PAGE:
WHO / WORLD CANCER DAY

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04-Feb-2019 00:02:50
On the occasion of World Cancer Day, the World Health Organization (WHO) said it is focusing on the global health challenge of cervical cancer and new momentum to eliminate the disease, one of the leading killers of women worldwide. WHO

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STORY: WHO / WORLD CANCER DAY
TRT: 2:50
SOURCE: WHO
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LANGUAGE: ENGLISH/ FRENCH / NATS

DATELINE: 31 JANUARY 2019, GENEVA, SWITZERLAND / FILE

SHOTLIST:

FILE - GENEVA, SWITZERLAND

1. Wide shot, WHO flag

31 JANUARY 2019, GENEVA, SWITZERLAND

2. Wide shot, Simelela and Broutet walking down hallway
3. SOUNDBITE (English) Princess Nothemba Simelela, Assistant Director-General for Family, Women, Children and Adolescents, World Health Organization:
"The message for women and young girls out there is we've got a vaccine that can prevent you from getting cervical cancer. Therefore, the sooner you access this vaccine, ask ensure that you're vaccinated, the better."

FILE - APRIL 2014, SAO PAULO, BRAZIL

4. Med shot, healthcare professional giving child HPV vaccine
5. Med shot, child receiving HPV vaccine
6. Wide shot, HVP vaccine campaign poster

31 JANUARY 2019, GENEVA, SWITZERLAND

7. SOUNDBITE (English) Princess Nothemba Simelela, Assistant Director-General for Family, Women, Children and Adolescents, World Health Organization:
“The last report from the global cancer survey showed us that 330,000 women are dying annually, but what is sad about this is that nine out of ten of these deaths occur in lower-income and low-income countries. This means it's a disease of inequity. But what is extremely exciting is that we've got the right tools, we've got the right technology, we've got the right mechanisms to treat this disease.”
8. Med shot, Simelela and Broutet walking down hallway
9. SOUNDBITE (French) Nathalie Broutet, Department of Reproductive Health, World Health Organization:
“It must be understood that there are 570,000 new cases of cervical cancer every year in the world, and that the distribution of these cases is very uneven. There is concentration in the countries of southern Africa, in Latin America and in some Asian countries, and that is our challenge. Cervical cancer is a cancer that can be prevented, treated and healed. So, we have to make sure that in countries where there are the greatest numbers of cervical cancer, we reduce the inequality that exists and that we increase access to interventions that we know are effective for women who should be treated or those for which cervical cancer can be prevented.”

FILE - APRIL 2014, SAO PAULO, BRAZIL

10. Wide shot, healthcare professional speaking to class of girl about HPV vaccine
11. Med shot, healthcare professional speaking to class of girl about HPV vaccine
12. Med shot, Healthcare professional loading vaccine into syringe
13. Med shot, child receiving HPV vaccine
14. Close up, information pamphlet
15. Wide shot, child speaking to healthcare professional
16. Med shot, child receiving HPV vaccine

STORYLINE:

On the occasion of World Cancer Day, the World Health Organization (WHO) said it is focusing on the global health challenge of cervical cancer and new momentum to eliminate the disease, one of the leading killers of women worldwide.

In an interview, WHO Assistant Director-General for Family, Women, Children and Adolescents Princess Nothemba Simelela had a message.

SOUNDBITE (English) Princess Nothemba Simelela, Assistant Director-General for Family, Women, Children and Adolescents, World Health Organization:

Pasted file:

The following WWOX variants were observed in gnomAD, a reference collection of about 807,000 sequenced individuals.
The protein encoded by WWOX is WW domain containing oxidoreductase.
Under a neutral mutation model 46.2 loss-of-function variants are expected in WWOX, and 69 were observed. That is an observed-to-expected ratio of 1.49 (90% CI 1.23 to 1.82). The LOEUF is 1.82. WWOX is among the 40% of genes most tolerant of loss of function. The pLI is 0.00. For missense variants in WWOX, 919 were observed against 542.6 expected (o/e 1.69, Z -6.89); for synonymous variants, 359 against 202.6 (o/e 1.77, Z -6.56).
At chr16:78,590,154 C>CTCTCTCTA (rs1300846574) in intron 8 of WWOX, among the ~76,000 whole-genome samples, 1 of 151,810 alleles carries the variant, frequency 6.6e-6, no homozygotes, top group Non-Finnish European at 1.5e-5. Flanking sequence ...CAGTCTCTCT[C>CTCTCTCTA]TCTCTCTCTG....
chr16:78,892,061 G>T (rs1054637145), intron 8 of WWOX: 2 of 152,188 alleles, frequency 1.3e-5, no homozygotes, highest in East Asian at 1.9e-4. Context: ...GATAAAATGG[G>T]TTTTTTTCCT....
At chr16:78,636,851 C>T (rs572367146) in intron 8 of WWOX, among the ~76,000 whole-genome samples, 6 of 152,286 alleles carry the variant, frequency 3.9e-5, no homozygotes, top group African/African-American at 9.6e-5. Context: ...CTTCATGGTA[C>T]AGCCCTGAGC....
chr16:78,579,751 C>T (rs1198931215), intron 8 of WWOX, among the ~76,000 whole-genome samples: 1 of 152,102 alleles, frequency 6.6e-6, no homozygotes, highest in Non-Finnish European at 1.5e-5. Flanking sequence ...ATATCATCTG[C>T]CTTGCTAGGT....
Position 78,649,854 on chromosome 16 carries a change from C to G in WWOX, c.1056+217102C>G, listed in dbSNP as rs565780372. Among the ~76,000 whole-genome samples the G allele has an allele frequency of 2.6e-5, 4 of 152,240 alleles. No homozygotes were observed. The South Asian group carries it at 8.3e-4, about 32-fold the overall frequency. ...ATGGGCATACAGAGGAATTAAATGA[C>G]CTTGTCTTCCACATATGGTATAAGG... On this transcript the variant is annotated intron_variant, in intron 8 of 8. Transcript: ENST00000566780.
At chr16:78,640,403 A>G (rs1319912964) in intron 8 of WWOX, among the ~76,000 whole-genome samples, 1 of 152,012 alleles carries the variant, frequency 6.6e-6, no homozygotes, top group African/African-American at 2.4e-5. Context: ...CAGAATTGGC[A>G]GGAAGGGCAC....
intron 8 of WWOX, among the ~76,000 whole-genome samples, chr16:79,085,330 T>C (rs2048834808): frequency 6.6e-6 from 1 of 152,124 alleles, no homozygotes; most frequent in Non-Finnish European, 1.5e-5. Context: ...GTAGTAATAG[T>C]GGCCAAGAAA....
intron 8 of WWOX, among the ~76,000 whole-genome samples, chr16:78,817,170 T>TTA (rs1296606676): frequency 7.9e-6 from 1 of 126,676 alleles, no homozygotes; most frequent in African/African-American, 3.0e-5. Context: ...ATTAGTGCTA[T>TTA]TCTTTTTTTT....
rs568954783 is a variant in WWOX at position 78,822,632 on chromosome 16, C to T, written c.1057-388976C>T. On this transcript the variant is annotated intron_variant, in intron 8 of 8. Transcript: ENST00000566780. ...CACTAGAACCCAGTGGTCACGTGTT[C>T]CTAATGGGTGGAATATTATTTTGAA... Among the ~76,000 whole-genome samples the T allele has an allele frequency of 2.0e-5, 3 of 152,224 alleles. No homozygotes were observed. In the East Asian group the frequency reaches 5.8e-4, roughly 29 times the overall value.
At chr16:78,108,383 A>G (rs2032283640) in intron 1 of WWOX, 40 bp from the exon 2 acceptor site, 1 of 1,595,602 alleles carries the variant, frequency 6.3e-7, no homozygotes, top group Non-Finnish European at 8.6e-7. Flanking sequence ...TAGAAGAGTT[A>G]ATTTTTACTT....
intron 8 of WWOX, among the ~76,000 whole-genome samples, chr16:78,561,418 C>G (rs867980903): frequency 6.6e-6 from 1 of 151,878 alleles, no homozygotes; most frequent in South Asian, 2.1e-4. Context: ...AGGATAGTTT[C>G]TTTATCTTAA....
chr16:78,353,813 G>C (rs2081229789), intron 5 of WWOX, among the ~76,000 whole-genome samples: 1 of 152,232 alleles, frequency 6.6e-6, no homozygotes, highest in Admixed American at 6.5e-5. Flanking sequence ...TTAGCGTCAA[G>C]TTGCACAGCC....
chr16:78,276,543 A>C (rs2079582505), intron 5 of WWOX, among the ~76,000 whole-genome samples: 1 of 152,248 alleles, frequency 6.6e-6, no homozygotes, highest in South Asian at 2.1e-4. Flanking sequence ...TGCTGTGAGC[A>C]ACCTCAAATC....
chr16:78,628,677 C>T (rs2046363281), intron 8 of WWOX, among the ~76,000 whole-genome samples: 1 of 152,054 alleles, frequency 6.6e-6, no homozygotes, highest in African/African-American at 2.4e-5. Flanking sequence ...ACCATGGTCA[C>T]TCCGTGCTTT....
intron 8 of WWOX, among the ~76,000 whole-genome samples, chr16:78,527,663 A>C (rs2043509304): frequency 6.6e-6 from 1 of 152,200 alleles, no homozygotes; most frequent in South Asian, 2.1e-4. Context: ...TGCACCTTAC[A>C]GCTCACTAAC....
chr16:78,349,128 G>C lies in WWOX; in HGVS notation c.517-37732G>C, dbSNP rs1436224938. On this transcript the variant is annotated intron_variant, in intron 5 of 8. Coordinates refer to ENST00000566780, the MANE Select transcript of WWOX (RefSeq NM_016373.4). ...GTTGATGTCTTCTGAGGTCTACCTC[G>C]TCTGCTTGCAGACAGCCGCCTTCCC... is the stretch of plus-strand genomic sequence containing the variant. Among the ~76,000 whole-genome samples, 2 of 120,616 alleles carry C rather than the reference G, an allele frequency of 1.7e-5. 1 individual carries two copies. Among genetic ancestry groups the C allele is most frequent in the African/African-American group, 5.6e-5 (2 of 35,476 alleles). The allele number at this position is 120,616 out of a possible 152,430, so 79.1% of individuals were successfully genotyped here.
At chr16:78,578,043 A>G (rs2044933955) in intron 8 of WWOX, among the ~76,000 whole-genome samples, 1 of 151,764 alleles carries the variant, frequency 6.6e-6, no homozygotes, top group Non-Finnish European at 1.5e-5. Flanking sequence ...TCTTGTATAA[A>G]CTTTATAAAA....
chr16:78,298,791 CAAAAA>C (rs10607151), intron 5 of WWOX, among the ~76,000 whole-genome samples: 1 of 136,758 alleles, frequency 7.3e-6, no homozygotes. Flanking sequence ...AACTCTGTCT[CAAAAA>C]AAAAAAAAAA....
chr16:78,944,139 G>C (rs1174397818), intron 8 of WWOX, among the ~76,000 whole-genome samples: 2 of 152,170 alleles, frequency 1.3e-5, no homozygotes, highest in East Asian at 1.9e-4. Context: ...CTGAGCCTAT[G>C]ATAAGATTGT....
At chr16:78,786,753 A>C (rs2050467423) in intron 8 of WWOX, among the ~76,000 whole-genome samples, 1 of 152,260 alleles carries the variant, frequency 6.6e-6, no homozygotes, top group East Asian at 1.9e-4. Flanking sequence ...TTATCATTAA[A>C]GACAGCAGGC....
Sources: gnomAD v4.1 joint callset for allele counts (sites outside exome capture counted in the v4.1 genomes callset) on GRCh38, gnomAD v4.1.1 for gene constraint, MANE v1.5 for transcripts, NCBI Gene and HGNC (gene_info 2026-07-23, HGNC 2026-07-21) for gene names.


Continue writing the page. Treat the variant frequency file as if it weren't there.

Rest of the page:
"The message for women and young girls out there is we've got a vaccine that can prevent you from getting cervical cancer. Therefore, the sooner you access this vaccine, ask ensure that you're vaccinated, the better."

Simelela said cervical cancer was one of the most prominent challenges facing the world as it was the fourth largest killer of women, claiming some 330,000 lives annually. She said, “What is sad about this is that nine out of ten of these deaths occur in lower-income and low-income countries. This means it's a disease of inequity. But what is extremely exciting is that we've got the right tools, we've got the right technology, we've got the right mechanisms to treat this disease.”

WHO said many women in developing countries do not have access to key cervical cancer services that can prevent, detect and treat the disease, as well as high-quality palliative care.

Nathalie Broutet, from WHO’s Department of Reproductive Health, said there are 570,000 new cases of cervical cancer every year in the world, concentrated mainly in the countries of southern Africa, in Latin America and in some Asian countries. She said, “Cervical cancer is a cancer that can be prevented, treated and healed. So, we have to make sure that in countries where there are the greatest numbers of cervical cancer, we reduce the inequality that exists and that we increase access to interventions that we know are effective for women who should be treated or those for which cervical cancer can be prevented.”

WHO said urgent action is needed to scale up implementation of proven cost-effective measures towards the elimination of cervical cancer as a global public health problem. These actions include vaccination against human papillomavirus, especially of girls age nine to 14, screening and treatment of pre-cancer, early detection and prompt treatment of early invasive cancers and palliative care. WHO said this would require political commitment and greater international cooperation and support for equitable access, including strategies for resource mobilization.
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WHO
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unifeed190204a
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